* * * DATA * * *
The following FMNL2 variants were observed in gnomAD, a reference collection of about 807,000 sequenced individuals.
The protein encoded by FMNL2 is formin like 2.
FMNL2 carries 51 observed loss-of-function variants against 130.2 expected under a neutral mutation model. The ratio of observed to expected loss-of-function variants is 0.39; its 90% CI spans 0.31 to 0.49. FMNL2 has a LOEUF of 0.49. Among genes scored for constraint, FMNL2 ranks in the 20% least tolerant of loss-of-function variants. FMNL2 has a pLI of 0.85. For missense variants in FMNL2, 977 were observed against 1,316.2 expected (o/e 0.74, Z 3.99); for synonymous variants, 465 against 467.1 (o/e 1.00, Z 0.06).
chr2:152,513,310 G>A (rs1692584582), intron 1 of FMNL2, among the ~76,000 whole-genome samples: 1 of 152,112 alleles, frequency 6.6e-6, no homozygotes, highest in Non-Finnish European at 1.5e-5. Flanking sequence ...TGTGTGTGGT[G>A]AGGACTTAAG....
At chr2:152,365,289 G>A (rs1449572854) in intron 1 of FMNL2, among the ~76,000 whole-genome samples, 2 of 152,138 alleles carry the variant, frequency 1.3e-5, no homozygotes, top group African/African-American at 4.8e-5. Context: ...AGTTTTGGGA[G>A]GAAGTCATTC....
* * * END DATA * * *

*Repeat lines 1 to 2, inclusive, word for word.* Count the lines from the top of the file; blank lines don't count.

The following FMNL2 variants were observed in gnomAD, a reference collection of about 807,000 sequenced individuals.
The protein encoded by FMNL2 is formin like 2.